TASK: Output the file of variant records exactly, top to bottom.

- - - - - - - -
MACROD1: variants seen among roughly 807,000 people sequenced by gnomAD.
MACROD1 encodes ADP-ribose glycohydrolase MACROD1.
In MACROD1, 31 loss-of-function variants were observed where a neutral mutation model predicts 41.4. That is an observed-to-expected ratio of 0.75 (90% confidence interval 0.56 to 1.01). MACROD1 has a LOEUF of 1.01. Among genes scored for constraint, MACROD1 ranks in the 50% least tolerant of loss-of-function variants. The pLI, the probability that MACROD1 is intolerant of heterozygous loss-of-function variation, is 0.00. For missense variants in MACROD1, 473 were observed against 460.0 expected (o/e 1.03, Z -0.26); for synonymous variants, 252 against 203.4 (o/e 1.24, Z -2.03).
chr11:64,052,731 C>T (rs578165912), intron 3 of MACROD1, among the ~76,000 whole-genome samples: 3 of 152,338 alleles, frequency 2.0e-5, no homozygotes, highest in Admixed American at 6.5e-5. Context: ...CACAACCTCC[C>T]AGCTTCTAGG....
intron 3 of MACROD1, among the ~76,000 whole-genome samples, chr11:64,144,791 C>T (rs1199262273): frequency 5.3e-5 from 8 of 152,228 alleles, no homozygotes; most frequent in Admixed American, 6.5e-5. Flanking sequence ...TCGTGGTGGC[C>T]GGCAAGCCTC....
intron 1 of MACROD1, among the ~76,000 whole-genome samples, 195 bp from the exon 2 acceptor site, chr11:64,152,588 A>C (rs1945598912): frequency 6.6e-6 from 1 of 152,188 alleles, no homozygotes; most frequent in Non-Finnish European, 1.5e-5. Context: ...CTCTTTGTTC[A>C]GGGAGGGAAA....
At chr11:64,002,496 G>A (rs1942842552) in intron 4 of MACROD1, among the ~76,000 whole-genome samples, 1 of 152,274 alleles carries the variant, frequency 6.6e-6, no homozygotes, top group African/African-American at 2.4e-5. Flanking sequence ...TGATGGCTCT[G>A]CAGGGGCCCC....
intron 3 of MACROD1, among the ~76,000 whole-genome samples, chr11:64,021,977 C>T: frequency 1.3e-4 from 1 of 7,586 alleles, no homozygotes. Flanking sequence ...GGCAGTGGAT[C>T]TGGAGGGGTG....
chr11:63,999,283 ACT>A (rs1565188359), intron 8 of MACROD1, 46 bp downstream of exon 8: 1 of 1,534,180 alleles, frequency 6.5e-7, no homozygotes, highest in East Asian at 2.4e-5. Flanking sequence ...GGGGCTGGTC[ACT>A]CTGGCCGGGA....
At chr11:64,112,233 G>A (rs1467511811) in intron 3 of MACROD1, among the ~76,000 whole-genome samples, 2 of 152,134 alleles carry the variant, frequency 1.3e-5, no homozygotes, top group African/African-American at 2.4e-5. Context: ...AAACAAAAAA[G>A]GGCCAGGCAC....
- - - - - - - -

MACROD1: variants seen among roughly 807,000 people sequenced by gnomAD.
MACROD1 encodes ADP-ribose glycohydrolase MACROD1.
In MACROD1, 31 loss-of-function variants were observed where a neutral mutation model predicts 41.4. That is an observed-to-expected ratio of 0.75 (90% confidence interval 0.56 to 1.01). MACROD1 has a LOEUF of 1.01. Among genes scored for constraint, MACROD1 ranks in the 50% least tolerant of loss-of-function variants. The pLI, the probability that MACROD1 is intolerant of heterozygous loss-of-function variation, is 0.00. For missense variants in MACROD1, 473 were observed against 460.0 expected (o/e 1.03, Z -0.26); for synonymous variants, 252 against 203.4 (o/e 1.24, Z -2.03).
chr11:64,052,731 C>T (rs578165912), intron 3 of MACROD1, among the ~76,000 whole-genome samples: 3 of 152,338 alleles, frequency 2.0e-5, no homozygotes, highest in Admixed American at 6.5e-5. Context: ...CACAACCTCC[C>T]AGCTTCTAGG....
intron 3 of MACROD1, among the ~76,000 whole-genome samples, chr11:64,144,791 C>T (rs1199262273): frequency 5.3e-5 from 8 of 152,228 alleles, no homozygotes; most frequent in Admixed American, 6.5e-5. Flanking sequence ...TCGTGGTGGC[C>T]GGCAAGCCTC....
intron 1 of MACROD1, among the ~76,000 whole-genome samples, 195 bp from the exon 2 acceptor site, chr11:64,152,588 A>C (rs1945598912): frequency 6.6e-6 from 1 of 152,188 alleles, no homozygotes; most frequent in Non-Finnish European, 1.5e-5. Context: ...CTCTTTGTTC[A>C]GGGAGGGAAA....
At chr11:64,002,496 G>A (rs1942842552) in intron 4 of MACROD1, among the ~76,000 whole-genome samples, 1 of 152,274 alleles carries the variant, frequency 6.6e-6, no homozygotes, top group African/African-American at 2.4e-5. Flanking sequence ...TGATGGCTCT[G>A]CAGGGGCCCC....
intron 3 of MACROD1, among the ~76,000 whole-genome samples, chr11:64,021,977 C>T: frequency 1.3e-4 from 1 of 7,586 alleles, no homozygotes. Flanking sequence ...GGCAGTGGAT[C>T]TGGAGGGGTG....
chr11:63,999,283 ACT>A (rs1565188359), intron 8 of MACROD1, 46 bp downstream of exon 8: 1 of 1,534,180 alleles, frequency 6.5e-7, no homozygotes, highest in East Asian at 2.4e-5. Flanking sequence ...GGGGCTGGTC[ACT>A]CTGGCCGGGA....
At chr11:64,112,233 G>A (rs1467511811) in intron 3 of MACROD1, among the ~76,000 whole-genome samples, 2 of 152,134 alleles carry the variant, frequency 1.3e-5, no homozygotes, top group African/African-American at 2.4e-5. Context: ...AAACAAAAAA[G>A]GGCCAGGCAC....